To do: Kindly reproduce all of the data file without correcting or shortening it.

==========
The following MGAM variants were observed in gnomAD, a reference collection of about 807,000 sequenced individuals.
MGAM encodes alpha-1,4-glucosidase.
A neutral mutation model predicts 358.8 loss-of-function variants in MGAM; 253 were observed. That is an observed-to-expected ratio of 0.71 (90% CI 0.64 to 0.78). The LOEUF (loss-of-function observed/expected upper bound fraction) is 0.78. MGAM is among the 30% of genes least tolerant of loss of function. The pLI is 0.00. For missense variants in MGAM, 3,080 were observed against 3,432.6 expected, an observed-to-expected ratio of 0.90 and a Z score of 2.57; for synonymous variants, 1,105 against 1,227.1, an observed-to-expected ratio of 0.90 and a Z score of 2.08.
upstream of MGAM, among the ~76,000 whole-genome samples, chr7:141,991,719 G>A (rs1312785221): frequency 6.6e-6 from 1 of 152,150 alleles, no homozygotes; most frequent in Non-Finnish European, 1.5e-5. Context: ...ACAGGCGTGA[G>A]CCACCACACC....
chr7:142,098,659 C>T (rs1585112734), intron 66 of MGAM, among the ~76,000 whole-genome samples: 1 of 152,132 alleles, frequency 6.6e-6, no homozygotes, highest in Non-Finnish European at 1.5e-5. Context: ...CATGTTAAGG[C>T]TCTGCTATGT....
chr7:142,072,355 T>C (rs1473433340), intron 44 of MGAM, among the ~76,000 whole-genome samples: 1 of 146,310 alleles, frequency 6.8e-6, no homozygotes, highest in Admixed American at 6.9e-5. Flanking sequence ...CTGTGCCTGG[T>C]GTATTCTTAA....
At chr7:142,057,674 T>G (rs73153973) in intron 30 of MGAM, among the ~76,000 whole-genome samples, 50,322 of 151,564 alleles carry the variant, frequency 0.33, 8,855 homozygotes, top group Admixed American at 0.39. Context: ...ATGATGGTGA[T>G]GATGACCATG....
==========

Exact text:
The following MGAM variants were observed in gnomAD, a reference collection of about 807,000 sequenced individuals.
MGAM encodes alpha-1,4-glucosidase.
A neutral mutation model predicts 358.8 loss-of-function variants in MGAM; 253 were observed. That is an observed-to-expected ratio of 0.71 (90% CI 0.64 to 0.78). The LOEUF (loss-of-function observed/expected upper bound fraction) is 0.78. MGAM is among the 30% of genes least tolerant of loss of function. The pLI is 0.00. For missense variants in MGAM, 3,080 were observed against 3,432.6 expected, an observed-to-expected ratio of 0.90 and a Z score of 2.57; for synonymous variants, 1,105 against 1,227.1, an observed-to-expected ratio of 0.90 and a Z score of 2.08.
upstream of MGAM, among the ~76,000 whole-genome samples, chr7:141,991,719 G>A (rs1312785221): frequency 6.6e-6 from 1 of 152,150 alleles, no homozygotes; most frequent in Non-Finnish European, 1.5e-5. Context: ...ACAGGCGTGA[G>A]CCACCACACC....
chr7:142,098,659 C>T (rs1585112734), intron 66 of MGAM, among the ~76,000 whole-genome samples: 1 of 152,132 alleles, frequency 6.6e-6, no homozygotes, highest in Non-Finnish European at 1.5e-5. Context: ...CATGTTAAGG[C>T]TCTGCTATGT....
chr7:142,072,355 T>C (rs1473433340), intron 44 of MGAM, among the ~76,000 whole-genome samples: 1 of 146,310 alleles, frequency 6.8e-6, no homozygotes, highest in Admixed American at 6.9e-5. Flanking sequence ...CTGTGCCTGG[T>C]GTATTCTTAA....
At chr7:142,057,674 T>G (rs73153973) in intron 30 of MGAM, among the ~76,000 whole-genome samples, 50,322 of 151,564 alleles carry the variant, frequency 0.33, 8,855 homozygotes, top group Admixed American at 0.39. Context: ...ATGATGGTGA[T>G]GATGACCATG....